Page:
Since 2006, Temple's Virtual Environment and Postural Orientation (VEPO) Laboratory has been helping patients with balance and spatial orientation issues find other ways to walk and stand upright using virtual reality.
About 6.2 million Americans suffer from chronic dizziness or imbalance, two major disorders related to the vestibular system, which controls balance and orients the body in space. Over the summer, students from across Temple had the opportunity to help some of these patients, by designing technological applications for use in the VEPO Lab.
Jeremy Norman, a kinesiology senior, was interested in extending the clinical application of GVS, or galvanic vestibular stimulation, which applies electrical stimulation to the vestibular system. Norman used a device worn by patients in the lab that sends a very low-voltage electric current from the back of the ear through the head and causes the patient to sway involuntarily.
“It hasn't been used for treatment of balance before, but there could be applications that will help physical therapy patients by testing differences in the vestibular system versus visual cues and their effect on balance,” he said.
Jason Buranich, an electrical engineering senior, designed a pair of vibrating flip flops that can be worn in the “cave” - a virtual environment in which patients wear 3-D glasses and interact while standing on a shifting platform surrounded by three large screens. A harness supports patients in case of a fall.
“The idea behind this is to test how the differences between the vestibular system and feedback from the feet and legs affect balance, and what those differences are between older and younger people,” he said.
Greg Teodoro, who will begin the master’s program in Computer Information Sciences this spring, worked on the Avatar project. Existing software uses a computer-generated face, or avatar, to help aphasia patients practice language skills. Teodoro and other students modified the face, enabling it to reflect any age, race, or ethnicity. They are also working on a program that will enable the avatar to talk directly to patients, and hope that one day patients will be able to use it on their home computers.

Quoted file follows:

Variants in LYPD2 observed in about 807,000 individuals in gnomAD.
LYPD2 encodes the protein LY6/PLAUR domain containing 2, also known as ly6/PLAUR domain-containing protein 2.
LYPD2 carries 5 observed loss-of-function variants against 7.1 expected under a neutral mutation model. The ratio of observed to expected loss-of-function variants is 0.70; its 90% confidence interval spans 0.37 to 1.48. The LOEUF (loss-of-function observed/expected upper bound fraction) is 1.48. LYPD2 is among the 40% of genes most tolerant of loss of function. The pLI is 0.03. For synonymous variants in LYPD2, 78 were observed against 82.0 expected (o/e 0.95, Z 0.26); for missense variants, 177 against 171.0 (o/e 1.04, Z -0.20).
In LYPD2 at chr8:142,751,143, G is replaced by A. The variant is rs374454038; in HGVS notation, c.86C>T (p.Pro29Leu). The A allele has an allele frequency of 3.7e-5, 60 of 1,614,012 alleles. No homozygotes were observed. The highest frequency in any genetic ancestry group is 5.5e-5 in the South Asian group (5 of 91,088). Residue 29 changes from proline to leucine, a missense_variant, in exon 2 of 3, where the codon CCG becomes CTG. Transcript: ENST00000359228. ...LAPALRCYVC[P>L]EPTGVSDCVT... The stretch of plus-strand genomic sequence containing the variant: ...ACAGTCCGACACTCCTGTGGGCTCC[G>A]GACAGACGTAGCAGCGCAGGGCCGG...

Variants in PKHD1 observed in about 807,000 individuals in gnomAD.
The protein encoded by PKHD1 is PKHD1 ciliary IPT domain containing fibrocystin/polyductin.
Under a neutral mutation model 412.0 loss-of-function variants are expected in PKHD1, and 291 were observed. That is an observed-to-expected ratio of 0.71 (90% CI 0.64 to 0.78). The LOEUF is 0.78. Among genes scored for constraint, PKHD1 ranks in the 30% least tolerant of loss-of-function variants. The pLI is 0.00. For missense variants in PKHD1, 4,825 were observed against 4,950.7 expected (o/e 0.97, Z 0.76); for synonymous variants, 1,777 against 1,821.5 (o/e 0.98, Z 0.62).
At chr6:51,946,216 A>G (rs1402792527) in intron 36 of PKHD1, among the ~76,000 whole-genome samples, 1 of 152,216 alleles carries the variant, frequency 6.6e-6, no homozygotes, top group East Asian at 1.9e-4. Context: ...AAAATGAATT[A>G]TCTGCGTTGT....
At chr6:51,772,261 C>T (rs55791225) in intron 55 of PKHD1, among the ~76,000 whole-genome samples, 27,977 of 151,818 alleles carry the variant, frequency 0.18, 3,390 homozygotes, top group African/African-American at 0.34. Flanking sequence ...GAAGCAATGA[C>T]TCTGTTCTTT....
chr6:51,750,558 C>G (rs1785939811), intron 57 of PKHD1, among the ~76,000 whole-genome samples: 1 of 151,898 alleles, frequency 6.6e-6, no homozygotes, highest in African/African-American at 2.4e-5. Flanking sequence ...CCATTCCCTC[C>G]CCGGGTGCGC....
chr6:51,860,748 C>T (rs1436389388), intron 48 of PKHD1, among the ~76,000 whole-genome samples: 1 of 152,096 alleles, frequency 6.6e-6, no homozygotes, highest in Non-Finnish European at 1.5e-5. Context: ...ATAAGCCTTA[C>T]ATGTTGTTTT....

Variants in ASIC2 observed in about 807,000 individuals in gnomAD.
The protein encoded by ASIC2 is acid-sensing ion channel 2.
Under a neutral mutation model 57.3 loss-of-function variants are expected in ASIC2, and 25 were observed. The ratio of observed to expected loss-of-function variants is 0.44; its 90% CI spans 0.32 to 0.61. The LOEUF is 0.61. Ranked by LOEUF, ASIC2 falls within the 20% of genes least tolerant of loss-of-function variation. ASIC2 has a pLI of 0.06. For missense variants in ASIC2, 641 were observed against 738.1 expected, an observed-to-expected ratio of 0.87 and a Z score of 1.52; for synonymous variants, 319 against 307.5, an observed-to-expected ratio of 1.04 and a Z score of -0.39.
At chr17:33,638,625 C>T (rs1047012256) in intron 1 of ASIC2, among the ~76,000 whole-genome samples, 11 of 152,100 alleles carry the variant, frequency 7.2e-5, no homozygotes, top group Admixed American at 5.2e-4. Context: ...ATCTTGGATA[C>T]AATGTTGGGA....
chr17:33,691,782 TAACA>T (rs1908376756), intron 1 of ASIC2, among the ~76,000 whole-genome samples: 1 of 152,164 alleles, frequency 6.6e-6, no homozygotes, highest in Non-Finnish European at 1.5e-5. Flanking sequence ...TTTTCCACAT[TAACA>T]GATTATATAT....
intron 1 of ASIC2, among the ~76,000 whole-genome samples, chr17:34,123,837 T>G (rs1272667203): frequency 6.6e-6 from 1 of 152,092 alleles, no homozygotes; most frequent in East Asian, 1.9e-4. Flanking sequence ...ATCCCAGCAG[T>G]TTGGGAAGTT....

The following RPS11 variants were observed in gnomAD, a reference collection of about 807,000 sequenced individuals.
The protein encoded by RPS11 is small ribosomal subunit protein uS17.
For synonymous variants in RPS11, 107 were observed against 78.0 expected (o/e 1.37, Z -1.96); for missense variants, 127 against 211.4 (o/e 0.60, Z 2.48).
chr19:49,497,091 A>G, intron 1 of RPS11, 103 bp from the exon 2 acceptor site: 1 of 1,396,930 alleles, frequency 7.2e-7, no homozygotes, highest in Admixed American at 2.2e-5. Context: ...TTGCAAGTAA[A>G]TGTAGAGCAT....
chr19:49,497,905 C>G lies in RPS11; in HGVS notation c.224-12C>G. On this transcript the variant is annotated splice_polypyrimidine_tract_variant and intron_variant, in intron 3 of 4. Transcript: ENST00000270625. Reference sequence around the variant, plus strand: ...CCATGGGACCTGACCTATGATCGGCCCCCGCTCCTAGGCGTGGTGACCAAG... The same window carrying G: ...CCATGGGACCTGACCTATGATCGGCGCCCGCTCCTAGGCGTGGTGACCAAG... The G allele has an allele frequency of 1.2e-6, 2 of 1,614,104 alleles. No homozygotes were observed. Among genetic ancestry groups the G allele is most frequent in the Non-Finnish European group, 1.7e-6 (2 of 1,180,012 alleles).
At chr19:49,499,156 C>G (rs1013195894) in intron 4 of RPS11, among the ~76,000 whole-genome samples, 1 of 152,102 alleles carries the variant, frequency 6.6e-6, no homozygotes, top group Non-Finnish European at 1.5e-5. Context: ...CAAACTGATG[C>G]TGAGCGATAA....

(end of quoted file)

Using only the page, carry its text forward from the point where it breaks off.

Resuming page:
The current standard of treatment for aphasia patients is role playing with a speech therapist, but “changing the race, age and ethnicity of the avatars will hopefully make the patient more comfortable and will give them a more realistic example of how to emulate the sounds and the way the mouth moves,” said Anicha Malloy, a recent speech-language-hearing graduate who worked on the Avatar project.
One of the most complex VEPO projects involved creating a 3-D replica of Temple’s campus for the cave. Standing on the moving platform, outfitted with 3-D glasses, the patient takes a virtual tour of Broad Street. He passes by the Pearson and McGonigle complex, turns down Pollett Walk, and ends inside the Baptist Temple. Recent architecture graduate Ray McClane, and Adam Gerbert, a Computer Information Sciences senior, worked on the project.
“Rather than practicing in a virtual environment designed to look like a room or a hallway, in this scene the patient encounters buildings on either side of them and cars coming down the street,” said VEPO Lab director Emily Keshner, chair of the Physical Therapy department in the College of Health Professions and Social Work. “It gives them a more complex, real-world practice scenario.”
Funding for the student projects came from the government stimulus grant, to further the efforts of Keshner’s initial parent grant from the National Institutes of Health, which is to study the use of virtual reality to examine balance issues in the elderly and stroke victims.
“Working with virtual reality requires computer programming skills, so we initially reached out to Justin Shi in (Temple’s) Department of Computer and Information Science to recruit students,” said Keshner. “The extra funding allowed us to reach out to other departments and recruit students from kinesiology, engineering, architecture and communication and speech sciences.”